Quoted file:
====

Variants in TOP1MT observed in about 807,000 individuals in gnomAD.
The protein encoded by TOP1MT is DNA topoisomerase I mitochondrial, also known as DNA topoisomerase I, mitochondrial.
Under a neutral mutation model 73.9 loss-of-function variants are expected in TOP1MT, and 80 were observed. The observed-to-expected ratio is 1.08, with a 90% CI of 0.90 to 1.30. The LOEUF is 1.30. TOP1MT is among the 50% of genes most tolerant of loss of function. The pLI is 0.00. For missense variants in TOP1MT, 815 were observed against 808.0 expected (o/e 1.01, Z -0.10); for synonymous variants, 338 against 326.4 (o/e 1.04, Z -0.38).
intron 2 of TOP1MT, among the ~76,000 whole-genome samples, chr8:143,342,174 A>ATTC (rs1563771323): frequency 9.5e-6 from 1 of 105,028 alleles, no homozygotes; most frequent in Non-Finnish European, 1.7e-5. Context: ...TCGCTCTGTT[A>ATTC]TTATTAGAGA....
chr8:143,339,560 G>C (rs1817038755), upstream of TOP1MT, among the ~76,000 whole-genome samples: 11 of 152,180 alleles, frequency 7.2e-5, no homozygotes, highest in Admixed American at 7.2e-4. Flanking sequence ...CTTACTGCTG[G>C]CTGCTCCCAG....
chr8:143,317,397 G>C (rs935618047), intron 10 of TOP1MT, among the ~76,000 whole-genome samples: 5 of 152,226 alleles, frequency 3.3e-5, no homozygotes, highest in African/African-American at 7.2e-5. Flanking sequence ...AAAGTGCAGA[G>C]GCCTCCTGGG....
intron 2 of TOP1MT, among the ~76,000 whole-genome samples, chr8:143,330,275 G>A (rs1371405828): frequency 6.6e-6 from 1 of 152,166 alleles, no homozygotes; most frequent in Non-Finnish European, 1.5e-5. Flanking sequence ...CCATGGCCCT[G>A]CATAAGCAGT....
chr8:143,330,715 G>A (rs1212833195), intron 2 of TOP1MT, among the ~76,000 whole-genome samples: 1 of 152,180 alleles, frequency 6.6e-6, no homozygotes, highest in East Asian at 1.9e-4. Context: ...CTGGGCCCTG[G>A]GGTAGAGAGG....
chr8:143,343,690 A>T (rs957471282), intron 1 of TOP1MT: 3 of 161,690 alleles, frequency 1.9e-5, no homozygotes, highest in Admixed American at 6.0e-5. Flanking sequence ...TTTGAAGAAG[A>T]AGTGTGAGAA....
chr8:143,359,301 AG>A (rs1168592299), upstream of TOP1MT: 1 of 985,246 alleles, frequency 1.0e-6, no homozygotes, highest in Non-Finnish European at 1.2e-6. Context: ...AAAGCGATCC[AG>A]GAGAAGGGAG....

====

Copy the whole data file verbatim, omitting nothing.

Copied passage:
Variants in TOP1MT observed in about 807,000 individuals in gnomAD.
The protein encoded by TOP1MT is DNA topoisomerase I mitochondrial, also known as DNA topoisomerase I, mitochondrial.
Under a neutral mutation model 73.9 loss-of-function variants are expected in TOP1MT, and 80 were observed. The observed-to-expected ratio is 1.08, with a 90% CI of 0.90 to 1.30. The LOEUF is 1.30. TOP1MT is among the 50% of genes most tolerant of loss of function. The pLI is 0.00. For missense variants in TOP1MT, 815 were observed against 808.0 expected (o/e 1.01, Z -0.10); for synonymous variants, 338 against 326.4 (o/e 1.04, Z -0.38).
intron 2 of TOP1MT, among the ~76,000 whole-genome samples, chr8:143,342,174 A>ATTC (rs1563771323): frequency 9.5e-6 from 1 of 105,028 alleles, no homozygotes; most frequent in Non-Finnish European, 1.7e-5. Context: ...TCGCTCTGTT[A>ATTC]TTATTAGAGA....
chr8:143,339,560 G>C (rs1817038755), upstream of TOP1MT, among the ~76,000 whole-genome samples: 11 of 152,180 alleles, frequency 7.2e-5, no homozygotes, highest in Admixed American at 7.2e-4. Flanking sequence ...CTTACTGCTG[G>C]CTGCTCCCAG....
chr8:143,317,397 G>C (rs935618047), intron 10 of TOP1MT, among the ~76,000 whole-genome samples: 5 of 152,226 alleles, frequency 3.3e-5, no homozygotes, highest in African/African-American at 7.2e-5. Flanking sequence ...AAAGTGCAGA[G>C]GCCTCCTGGG....
intron 2 of TOP1MT, among the ~76,000 whole-genome samples, chr8:143,330,275 G>A (rs1371405828): frequency 6.6e-6 from 1 of 152,166 alleles, no homozygotes; most frequent in Non-Finnish European, 1.5e-5. Flanking sequence ...CCATGGCCCT[G>A]CATAAGCAGT....
chr8:143,330,715 G>A (rs1212833195), intron 2 of TOP1MT, among the ~76,000 whole-genome samples: 1 of 152,180 alleles, frequency 6.6e-6, no homozygotes, highest in East Asian at 1.9e-4. Context: ...CTGGGCCCTG[G>A]GGTAGAGAGG....
chr8:143,343,690 A>T (rs957471282), intron 1 of TOP1MT: 3 of 161,690 alleles, frequency 1.9e-5, no homozygotes, highest in Admixed American at 6.0e-5. Flanking sequence ...TTTGAAGAAG[A>T]AGTGTGAGAA....
chr8:143,359,301 AG>A (rs1168592299), upstream of TOP1MT: 1 of 985,246 alleles, frequency 1.0e-6, no homozygotes, highest in Non-Finnish European at 1.2e-6. Context: ...AAAGCGATCC[AG>A]GAGAAGGGAG....